The Tea Party as a phenomenon in American Politics is interesting from a political-science point of view but just about everything about its effects on American politics is disastrous. It seems to enshrine the most extreme and paranoid of all American political instincts and attempts to turn them into virtues. Tea Partiers are the most likely of any political activists to believe the most insane and provably false things about President Obama, the economy, taxes, the U.S. Constitution, the environment, science in general, you name it. The movement seems to rely on gossip over facts, heated rhetoric over political discussion, and especially thrives on ignorance over education. The movement has no central leader or leadership (by choice) but has rallied behind candidates and political figures like Rand Paul and Michelle Bachmann, while getting major rhetorical support from Rush Limbaugh and other similar demagogues.
The recent debate over the debt ceiling is a good example of both the Tea Party’s recent power and its effect on political debate. This vote on the debt ceiling is something that has happened routinely hundreds of times in our history, but this time, the vote was held hostage by those members of congress (mostly Tea Partiers) who claimed they would not vote to increase the debt ceiling unless they got their list of demands, which included drastic spending cuts, no new taxes, and in some cases a balanced budget amendment. In other words, this was a crisis that was created, almost entirely, by the Tea Party and those who support its principles.
Those principles seem to be to favor smaller government over larger government at every opportunity, to reduce government spending regardless of the cost, and to never raise taxes regardless of the reason. Some of the ideas behind those principles are laudable when backed by a sound foundation of reason, respect for economic policy and governmental responsibility, but when taken to ridiculous extremes as the Tea Party has, they are inevitably inflexible, uninformed, ill-conceived and harmful to the government and the citizens it is supposed to represent.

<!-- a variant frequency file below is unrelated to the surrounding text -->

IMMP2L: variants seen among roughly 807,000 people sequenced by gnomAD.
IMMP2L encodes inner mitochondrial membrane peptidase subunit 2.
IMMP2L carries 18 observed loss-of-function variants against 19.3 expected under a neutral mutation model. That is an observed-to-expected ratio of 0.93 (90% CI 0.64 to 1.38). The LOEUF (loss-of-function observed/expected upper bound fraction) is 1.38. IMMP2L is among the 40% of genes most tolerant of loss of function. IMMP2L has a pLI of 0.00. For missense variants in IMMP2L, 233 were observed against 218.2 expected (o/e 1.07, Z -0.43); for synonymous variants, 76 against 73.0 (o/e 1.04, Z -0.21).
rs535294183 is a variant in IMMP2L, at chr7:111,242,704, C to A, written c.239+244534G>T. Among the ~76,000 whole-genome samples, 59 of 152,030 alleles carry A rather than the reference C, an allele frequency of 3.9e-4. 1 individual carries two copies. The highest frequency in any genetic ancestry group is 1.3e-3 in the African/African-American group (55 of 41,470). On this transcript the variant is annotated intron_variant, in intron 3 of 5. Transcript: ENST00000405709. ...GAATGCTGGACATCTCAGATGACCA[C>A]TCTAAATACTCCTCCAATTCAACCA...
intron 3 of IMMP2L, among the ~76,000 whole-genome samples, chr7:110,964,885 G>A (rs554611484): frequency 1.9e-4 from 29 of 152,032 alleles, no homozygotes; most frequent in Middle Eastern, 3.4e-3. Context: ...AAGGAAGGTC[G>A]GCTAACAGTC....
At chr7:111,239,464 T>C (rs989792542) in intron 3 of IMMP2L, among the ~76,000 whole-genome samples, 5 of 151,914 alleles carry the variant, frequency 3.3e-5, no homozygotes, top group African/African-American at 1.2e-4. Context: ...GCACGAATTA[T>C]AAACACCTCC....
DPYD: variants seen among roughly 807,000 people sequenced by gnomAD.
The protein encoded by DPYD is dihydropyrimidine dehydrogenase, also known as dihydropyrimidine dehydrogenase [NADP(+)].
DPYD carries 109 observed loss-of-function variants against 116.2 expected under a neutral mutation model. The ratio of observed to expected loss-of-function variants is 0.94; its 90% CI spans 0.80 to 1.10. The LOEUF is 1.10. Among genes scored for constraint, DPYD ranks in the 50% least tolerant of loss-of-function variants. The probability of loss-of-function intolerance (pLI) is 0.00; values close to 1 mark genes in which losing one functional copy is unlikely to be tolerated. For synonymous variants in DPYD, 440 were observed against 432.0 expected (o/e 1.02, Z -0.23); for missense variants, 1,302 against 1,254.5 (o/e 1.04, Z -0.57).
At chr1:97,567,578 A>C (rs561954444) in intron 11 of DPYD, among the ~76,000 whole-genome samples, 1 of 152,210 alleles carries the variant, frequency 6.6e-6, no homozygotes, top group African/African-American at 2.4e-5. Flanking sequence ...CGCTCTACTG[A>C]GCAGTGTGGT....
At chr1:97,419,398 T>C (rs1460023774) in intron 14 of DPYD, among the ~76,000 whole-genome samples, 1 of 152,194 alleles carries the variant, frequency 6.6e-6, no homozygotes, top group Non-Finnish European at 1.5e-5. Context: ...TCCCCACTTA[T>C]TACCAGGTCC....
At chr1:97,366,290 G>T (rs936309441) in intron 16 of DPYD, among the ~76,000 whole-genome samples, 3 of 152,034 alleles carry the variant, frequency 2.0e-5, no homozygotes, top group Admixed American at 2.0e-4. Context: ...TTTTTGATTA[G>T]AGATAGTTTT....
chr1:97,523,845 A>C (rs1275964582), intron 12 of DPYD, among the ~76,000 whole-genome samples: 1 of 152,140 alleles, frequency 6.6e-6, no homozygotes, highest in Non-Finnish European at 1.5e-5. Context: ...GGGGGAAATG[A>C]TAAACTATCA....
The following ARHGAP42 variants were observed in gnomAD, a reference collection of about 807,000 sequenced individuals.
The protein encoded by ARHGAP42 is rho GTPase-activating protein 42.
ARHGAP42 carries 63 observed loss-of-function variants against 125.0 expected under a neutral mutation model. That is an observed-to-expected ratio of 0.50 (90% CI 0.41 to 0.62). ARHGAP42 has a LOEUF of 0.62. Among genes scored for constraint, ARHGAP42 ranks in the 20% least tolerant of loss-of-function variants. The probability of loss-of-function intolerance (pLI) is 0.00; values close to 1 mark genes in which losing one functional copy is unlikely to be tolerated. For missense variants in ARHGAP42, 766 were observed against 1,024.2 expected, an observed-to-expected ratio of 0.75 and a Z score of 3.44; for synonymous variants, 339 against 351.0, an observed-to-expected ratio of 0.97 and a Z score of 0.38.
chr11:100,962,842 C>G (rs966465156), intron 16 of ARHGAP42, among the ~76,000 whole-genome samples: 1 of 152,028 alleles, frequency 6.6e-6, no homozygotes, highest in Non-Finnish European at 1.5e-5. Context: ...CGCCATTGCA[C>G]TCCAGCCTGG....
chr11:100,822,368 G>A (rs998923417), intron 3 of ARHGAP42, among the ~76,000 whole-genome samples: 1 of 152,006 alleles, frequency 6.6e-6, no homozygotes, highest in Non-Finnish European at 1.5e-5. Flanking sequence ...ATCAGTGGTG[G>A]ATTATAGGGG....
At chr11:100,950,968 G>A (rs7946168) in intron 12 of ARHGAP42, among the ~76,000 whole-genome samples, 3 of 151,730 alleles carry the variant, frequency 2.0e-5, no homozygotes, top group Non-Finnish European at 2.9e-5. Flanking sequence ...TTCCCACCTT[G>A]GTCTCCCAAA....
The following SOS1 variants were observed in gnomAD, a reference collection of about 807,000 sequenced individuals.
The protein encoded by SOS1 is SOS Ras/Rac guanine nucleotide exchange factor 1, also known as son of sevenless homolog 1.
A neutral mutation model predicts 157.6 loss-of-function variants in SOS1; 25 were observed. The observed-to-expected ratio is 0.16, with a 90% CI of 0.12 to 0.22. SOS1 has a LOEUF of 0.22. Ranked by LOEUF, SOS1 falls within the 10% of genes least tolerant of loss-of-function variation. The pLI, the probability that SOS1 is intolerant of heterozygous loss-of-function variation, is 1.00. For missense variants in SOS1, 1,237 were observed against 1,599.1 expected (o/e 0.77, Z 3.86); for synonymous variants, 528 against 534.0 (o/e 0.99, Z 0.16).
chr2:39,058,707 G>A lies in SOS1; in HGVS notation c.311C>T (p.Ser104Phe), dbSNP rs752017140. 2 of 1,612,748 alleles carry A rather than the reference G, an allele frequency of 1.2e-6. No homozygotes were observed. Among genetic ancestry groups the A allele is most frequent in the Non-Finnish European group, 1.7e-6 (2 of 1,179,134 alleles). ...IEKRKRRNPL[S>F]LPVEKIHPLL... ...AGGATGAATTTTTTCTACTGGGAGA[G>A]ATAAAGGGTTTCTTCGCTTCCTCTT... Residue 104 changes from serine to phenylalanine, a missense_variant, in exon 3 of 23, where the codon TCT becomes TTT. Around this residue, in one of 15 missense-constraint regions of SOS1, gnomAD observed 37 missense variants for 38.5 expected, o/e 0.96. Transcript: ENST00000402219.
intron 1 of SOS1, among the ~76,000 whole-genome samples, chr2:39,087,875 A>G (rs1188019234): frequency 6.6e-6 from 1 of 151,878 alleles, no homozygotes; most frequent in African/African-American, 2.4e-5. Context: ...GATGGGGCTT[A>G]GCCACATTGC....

This movement is doing damage to America and to the Republican party. The outcome of the political game of chicken played by the Tea Party in the debt ceiling debate is that now the U.S. has been taken off Standard & Poor’s list of risk-free borrowers for the first time in its history. This downgrade of the country’s credit rating will probably result in tighter credit and higher interest rates at the very least, all so Tea Partiers can claim a political victory on a meaningless vote. Because of such political victories, however, Republican candidates are behaving as though they must kow-tow to the tea partiers or risk losing their party’s nomination. The only notable exception to this is Jon Huntsman who deserves a medal for political courage but is currently so far behind in the polls that he is flirting with irrelevance.
The Tea Party is fond of quoting the constitution and the founding fathers, but the founding fathers were almost all educated, responsible people who believed in government and political debate. They would not recognize the tactics and rhetoric of the Tea Party as anything but irresponsible, ignorant and destructive. The Tea Party seems to count a large number of LDS Church members in its ranks, but the ideas and behavior of this movement should be anathema to any sane member of the Church.